Frankenstein was originally a philosophical novel, Michael Saler reveals in his review of The Annotated Frankenstein. Mary Shelley used her monster to comment on the terrors of the French Revolution, patriarchy, social justice, and slavery, he writes.
Even though William Faulkner once described Hollywood as the "plastic asshole of the world," he spent two decades writing screenplays there. At Garden & Gun, John Meroney examines Faulkner's film career, including writing for Howard Hawks and having an affair with his secretary. Pair with: Our essay on Cormac McCarthy's attempt at screenwriting.
Among Jorge Luis Borges’s observations about soccer were the following: “Soccer is popular because stupidity is popular;” soccer is “aesthetically ugly;” and “soccer is one of England’s biggest crimes.” That is to say: his distaste is well documented. But why did he feel this way? Millions contributor Shaj Mathew takes a look.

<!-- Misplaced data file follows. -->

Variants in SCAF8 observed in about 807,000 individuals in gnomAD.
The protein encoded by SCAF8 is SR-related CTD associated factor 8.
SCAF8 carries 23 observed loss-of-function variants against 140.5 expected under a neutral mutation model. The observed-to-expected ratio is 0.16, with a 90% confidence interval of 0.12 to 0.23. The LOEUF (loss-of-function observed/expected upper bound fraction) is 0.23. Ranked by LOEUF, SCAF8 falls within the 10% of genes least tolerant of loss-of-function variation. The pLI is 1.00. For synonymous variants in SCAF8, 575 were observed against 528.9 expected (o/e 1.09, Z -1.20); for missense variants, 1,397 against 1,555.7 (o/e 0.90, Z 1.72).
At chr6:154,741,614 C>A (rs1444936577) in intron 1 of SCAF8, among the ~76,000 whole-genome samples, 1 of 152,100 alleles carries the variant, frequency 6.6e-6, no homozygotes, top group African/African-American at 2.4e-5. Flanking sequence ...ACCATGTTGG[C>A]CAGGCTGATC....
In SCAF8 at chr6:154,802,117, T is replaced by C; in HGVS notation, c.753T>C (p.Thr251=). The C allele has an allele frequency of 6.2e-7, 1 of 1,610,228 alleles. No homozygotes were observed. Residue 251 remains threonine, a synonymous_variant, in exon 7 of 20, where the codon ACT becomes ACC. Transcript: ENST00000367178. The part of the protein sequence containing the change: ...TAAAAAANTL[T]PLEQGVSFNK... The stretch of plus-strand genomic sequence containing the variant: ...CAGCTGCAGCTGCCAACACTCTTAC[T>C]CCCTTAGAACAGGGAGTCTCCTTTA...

Fifty years after T.S. Eliot’s death, the poet’s estate has finally agreed to authorize a biography, which explains the publication of Young Eliot, a new book on his early years. Among other things, the book reveals details about Eliot’s first marriage, in which his wife Vivienne Haigh-Wood gave him the nickname “dearest Wonkypenky.”
With the close of the London 2012 Olympic Games come the media think pieces, including this one from The Atlantic, which collects some of its best memes. And this one, on the use of the gif in digital sports coverage, in the Nieman Journalism Lab, and here's Kevin Nguyen championing BuzzFeed for their Olympics coverage. Also, The Spice Girls.
Former Millions intern and current McNally Jackson bookmonger Rachel Hurn discusses “escaping from” San Diego with Eileen Myles. “The sixth time I saw Myles read, I told her I was stalking her,” Hurn writes. “I think she thought I was serious. Maybe I was.”